That forest is the third setting, and shows the incidents that fuel what everyone says in the others. Once again, it concentrates on three people–the no-love triangle that fuels the story. The husband shows utter contempt for everyone, including his wife (especially after she’s been raped). The bandit, motivated by a lust he confuses with love, wants to marry the woman whose life he has just ruined. And the wife, with no possible choices within the framework of her strict society, manipulates both men for ends she’s not entirely sure of.
The film also contains what I believe are Kurosawa’s first two swordfights–or, more accurately, two very different versions of the same swordfight. From the winner’s point of view, the duel is as romantic and exciting as anything with Errol Flynn and Basil Rathbone. But from the point of view of a third party, comic ineptitude reigns, at least until the fight becomes, in its own clumsy way, frighteningly deadly.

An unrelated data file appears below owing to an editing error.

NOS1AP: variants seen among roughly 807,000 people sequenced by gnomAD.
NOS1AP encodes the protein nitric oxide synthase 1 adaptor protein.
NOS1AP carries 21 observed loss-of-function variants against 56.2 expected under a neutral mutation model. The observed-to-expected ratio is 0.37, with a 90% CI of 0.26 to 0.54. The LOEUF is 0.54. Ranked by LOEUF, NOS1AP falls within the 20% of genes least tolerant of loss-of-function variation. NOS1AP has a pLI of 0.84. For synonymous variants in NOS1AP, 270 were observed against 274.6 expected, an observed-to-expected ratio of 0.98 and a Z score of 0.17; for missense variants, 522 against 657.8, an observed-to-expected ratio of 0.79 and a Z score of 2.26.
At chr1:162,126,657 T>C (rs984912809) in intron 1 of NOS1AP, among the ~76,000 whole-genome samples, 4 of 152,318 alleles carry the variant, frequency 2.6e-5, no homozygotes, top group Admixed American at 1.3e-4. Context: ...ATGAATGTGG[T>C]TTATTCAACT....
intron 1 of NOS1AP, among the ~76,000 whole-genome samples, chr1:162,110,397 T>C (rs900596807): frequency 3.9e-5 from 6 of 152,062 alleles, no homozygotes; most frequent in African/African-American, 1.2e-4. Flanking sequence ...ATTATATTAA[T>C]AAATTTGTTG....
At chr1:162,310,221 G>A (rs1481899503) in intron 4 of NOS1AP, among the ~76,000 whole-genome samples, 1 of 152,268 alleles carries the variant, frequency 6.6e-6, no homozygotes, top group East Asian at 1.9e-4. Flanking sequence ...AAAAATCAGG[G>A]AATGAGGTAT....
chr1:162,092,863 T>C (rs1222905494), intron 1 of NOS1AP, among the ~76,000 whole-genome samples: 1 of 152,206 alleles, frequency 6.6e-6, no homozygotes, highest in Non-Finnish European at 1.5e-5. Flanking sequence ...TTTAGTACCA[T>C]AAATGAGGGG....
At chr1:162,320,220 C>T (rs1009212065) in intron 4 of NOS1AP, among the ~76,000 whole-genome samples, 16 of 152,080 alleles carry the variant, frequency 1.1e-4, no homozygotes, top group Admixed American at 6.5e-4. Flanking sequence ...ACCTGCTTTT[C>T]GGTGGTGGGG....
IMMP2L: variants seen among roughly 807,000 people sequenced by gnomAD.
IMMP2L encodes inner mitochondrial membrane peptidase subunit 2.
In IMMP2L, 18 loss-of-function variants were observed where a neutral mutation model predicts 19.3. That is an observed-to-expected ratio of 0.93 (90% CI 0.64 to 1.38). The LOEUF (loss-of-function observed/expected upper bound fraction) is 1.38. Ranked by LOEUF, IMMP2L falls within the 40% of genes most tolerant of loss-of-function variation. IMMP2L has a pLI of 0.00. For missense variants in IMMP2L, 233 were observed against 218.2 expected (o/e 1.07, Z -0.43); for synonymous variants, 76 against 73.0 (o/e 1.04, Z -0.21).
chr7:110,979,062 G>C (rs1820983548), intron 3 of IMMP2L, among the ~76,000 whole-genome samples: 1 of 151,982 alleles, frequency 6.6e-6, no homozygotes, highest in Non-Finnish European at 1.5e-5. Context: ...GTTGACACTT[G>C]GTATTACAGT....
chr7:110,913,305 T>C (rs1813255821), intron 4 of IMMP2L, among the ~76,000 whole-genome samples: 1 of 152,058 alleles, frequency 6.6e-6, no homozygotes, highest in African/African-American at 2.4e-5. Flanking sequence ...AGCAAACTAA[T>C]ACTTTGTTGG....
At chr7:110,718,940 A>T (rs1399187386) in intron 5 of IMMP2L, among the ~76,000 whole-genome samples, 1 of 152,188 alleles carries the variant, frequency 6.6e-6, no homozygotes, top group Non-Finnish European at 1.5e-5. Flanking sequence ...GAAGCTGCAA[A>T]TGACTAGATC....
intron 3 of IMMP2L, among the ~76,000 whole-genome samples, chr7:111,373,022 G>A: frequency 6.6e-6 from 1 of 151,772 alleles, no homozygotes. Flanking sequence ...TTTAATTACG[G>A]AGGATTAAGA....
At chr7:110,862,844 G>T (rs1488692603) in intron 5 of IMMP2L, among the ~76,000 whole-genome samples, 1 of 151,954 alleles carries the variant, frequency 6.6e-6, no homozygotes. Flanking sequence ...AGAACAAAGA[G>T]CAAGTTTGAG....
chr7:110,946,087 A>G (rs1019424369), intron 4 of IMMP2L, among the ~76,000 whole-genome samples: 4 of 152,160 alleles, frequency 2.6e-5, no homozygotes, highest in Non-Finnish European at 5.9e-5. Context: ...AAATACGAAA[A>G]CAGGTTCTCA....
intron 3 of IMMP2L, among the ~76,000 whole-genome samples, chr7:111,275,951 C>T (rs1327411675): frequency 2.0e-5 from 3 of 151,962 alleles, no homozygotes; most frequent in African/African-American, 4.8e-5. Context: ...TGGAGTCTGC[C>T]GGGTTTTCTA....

Here, finally in high-def, is one of the best films by the world’s greatest filmmaker. You can’t possibly expect me to be objective.
This single disc package comes in a slightly thicker-than-usual clear plastic case. The front cover sports a color illustration of star Toshiro Mifune by Eric Skillman.
In addition to the disc, the case includes a 44-page booklet, which includes the film’s cast and credits, two essays (by Stephen Prince and Kurosawa himself, excerpted from his autobiography), the two short stories that the screenplay was based on, and "About the Transfer." The book also contains additional Skillman illustrations.
How it looks
Rashomon is a movie of textures. Dappled light coming through the leaves. Bright sunlight and flickering shade. Torrential rain. Human skin, wet and beaded with sweat. Photographed by the great Kazuo Miyagawa, it’s one of the most beautifully photographed black and white films ever shot.
Unfortunately, time has not been good to Rashomon‘s original source material. The camera negative and the prints made from it are warped, torn, and in poor condition. Fortunately, the film was painstakingly restored in 2008, and while the restoration didn’t quite bring it up to the original sparkling quality, it got close.